Wednesday, February 4, 2009

Comets and Morality

There is a whole swarm of comets - about five hundred - that follow roughly the same track, swooping in close over the face of the sun during their journeys to the inner solar system. They're called Kreutz sungrazers. Astronomers have deduced that all the sungrazers came from a single original comet that was seen from Earth in A.D. 1106, as recorded in several manuscripts. That comet broke up, and now we see its daughter fragments. In the Newtonian purity of space we can follow the tracks back until they converge into the original comet's path.

Only the hardest-core YEC (Young Earth Creationist) would dispute the math that goes into showing this - though I'm sure there are some who deny physics altogether, and it's worth pointing out to YECs that all of us would have been on thin ice in the twelfth century arguing for the impermanence of any celestial objects. That said, what would a YEC say to a comet track traced back to twenty thousand years ago, well before the infamous date of 4004 BC? Answering "it can't be traced back" even to the very possibility doesn't count. Even though none of us expect the Mississippi to start flowing upstream five minutes from now, and if it did we couldn't immediately explain why, we can still talk about how we would solve the problem of its flowing upstream if it did. Refusing even to entertain a possibiliy as coherent is a common defense of a made-up mind: I once asked a Nepali how they felt about their king's alleged looting of the country's treasury. They told me it can't be true because he wouldn't do it. I asked how they knew this. They said because he is good. I asked how they knew that. They said because he was the king, and the king is good, so he couldn't do that. If a YEC answers "it just can't", then ask them to explain how they're different from this over-patriotic Nepali. After all, Darwin was willing to entertain what it would mean for his theory if we observed the sudden appearance in the fossil record of complex organs: he said his "absolutely fall apart", in his own words. Yet we haven't found this.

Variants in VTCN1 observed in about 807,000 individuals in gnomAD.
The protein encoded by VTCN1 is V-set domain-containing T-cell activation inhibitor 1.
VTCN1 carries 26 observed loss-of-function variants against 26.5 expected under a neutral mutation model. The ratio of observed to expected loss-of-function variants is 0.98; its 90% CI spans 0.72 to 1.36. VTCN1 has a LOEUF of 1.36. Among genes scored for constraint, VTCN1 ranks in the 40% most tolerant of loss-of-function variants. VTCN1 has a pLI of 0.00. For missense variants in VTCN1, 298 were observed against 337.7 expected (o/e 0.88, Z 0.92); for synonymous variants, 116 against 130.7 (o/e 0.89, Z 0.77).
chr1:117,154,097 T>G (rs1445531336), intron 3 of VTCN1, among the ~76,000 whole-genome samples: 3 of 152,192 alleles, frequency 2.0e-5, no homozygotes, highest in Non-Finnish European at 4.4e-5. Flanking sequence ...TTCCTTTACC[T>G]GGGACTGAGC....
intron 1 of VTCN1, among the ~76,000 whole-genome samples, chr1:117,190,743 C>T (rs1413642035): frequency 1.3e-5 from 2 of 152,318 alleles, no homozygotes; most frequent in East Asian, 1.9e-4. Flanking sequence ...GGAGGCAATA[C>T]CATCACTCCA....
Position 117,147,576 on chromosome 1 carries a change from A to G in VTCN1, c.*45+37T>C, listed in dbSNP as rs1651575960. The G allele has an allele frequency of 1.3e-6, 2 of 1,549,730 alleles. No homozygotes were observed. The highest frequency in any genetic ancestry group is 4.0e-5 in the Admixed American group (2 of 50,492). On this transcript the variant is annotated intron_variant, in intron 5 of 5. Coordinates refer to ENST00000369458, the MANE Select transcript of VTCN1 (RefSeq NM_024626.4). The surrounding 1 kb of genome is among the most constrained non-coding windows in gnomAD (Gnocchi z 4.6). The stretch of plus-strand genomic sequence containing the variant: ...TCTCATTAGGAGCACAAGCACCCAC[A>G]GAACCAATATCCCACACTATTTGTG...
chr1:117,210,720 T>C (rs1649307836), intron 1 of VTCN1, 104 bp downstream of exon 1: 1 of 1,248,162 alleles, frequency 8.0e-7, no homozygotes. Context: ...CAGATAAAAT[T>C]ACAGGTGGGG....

All this is interesting. But more importantly: what do Kreutz sungrazers matter to how we live our lives?

Absolutely nothing!

What, exactly, is the connection between believing the universe is six thousand years old or at least that there was a deliberate plan to it all, and our behavior?

We must directly challenge the supposed connection between the two traditional sectors of the religion business: morality and cosmogony. Cosmogony is a fancy name for your story about how the world got to be the way it is. Many accounts have been given, but only one of them is supported by evidence. On the other hand, I've met YECs in person, and while I get frustrated with their top-down thinking, they were always nice enough people. I even think they would say the same of me. See? No connection.

If there is a connection between morality and cosmogony, how could the two things possibly be related? Why does study after study (like Marc Hauser's) show no connection? Why do the religious so desperately insist that believing we came from goo will immediately degrade our sense of right and wrong? Are creationist Christians willing to tell evolution-believing Christians that they're somehow immoral, even though those Christians' behavior appears exactly the same? Some are. Most are not. Up to them to resolve this problem - and up to you to bring it to their attention.

As usual, this may not convert many people, but it will make some think, and for the rest it will force into broad daylight their argument of "It's right because my parents and this book say it's was right, and you have to agree or shut up or I'll be offended."

No comments: